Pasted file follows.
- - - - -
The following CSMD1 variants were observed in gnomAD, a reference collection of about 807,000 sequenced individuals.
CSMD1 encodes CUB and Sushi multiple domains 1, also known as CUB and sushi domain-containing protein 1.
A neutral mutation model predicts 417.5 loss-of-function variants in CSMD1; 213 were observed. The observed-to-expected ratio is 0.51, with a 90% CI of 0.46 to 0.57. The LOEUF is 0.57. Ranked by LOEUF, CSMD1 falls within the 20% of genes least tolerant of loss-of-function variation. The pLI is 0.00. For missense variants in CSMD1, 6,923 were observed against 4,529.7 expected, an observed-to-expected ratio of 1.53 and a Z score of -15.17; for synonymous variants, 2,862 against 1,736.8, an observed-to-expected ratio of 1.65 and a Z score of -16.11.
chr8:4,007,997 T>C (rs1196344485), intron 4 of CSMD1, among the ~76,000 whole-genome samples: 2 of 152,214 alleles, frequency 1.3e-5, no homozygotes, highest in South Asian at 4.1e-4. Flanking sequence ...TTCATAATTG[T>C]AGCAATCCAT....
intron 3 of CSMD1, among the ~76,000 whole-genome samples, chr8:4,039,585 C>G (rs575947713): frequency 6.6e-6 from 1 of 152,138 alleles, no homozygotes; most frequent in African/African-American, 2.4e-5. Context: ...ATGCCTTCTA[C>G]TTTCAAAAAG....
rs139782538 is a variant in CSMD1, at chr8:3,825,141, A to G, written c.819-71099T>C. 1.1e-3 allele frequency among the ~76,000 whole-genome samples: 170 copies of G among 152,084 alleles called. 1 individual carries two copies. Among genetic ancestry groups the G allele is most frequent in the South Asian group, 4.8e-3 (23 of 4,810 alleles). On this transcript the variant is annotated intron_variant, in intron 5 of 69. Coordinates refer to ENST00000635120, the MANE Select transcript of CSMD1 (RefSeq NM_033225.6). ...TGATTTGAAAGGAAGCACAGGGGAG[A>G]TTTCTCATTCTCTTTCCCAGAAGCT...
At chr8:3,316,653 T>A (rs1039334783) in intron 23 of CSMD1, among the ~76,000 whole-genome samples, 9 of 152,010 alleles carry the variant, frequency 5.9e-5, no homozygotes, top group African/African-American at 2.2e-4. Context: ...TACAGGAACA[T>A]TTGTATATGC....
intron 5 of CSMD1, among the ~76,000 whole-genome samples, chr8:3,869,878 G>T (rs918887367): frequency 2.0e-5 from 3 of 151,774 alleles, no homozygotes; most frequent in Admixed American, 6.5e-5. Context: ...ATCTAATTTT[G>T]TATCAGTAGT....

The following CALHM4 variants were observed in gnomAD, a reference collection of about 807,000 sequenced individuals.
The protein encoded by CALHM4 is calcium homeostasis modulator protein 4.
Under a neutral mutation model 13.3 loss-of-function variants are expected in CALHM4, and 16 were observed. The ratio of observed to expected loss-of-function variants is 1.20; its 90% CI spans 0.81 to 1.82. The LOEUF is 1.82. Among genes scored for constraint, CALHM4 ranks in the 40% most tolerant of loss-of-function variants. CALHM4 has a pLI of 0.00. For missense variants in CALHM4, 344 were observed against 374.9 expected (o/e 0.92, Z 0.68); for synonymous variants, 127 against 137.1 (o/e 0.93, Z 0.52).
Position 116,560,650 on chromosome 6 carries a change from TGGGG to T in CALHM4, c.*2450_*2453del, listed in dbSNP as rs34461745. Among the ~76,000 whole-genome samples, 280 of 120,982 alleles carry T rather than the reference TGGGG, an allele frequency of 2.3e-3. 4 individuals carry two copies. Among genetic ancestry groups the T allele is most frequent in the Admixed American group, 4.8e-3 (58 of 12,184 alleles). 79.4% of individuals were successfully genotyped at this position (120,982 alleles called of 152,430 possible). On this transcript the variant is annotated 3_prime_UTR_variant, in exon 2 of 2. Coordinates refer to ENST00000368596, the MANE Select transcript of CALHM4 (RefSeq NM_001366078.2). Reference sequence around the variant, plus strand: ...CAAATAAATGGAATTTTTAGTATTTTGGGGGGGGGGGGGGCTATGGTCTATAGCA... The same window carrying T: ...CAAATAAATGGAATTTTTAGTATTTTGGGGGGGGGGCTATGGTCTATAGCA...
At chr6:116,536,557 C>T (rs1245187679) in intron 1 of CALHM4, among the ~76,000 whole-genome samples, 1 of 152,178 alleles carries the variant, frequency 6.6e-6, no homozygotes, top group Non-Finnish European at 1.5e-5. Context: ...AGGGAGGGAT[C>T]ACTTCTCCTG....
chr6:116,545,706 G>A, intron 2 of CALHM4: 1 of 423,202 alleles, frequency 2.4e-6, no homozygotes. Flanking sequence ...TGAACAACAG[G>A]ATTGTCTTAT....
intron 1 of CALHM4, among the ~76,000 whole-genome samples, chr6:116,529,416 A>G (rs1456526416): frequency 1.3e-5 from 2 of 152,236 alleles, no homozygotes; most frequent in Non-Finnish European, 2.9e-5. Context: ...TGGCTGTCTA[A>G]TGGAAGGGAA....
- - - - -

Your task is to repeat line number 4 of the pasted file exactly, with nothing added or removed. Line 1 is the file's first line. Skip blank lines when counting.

chr8:4,007,997 T>C (rs1196344485), intron 4 of CSMD1, among the ~76,000 whole-genome samples: 2 of 152,214 alleles, frequency 1.3e-5, no homozygotes, highest in South Asian at 4.1e-4. Flanking sequence ...TTCATAATTG[T>C]AGCAATCCAT....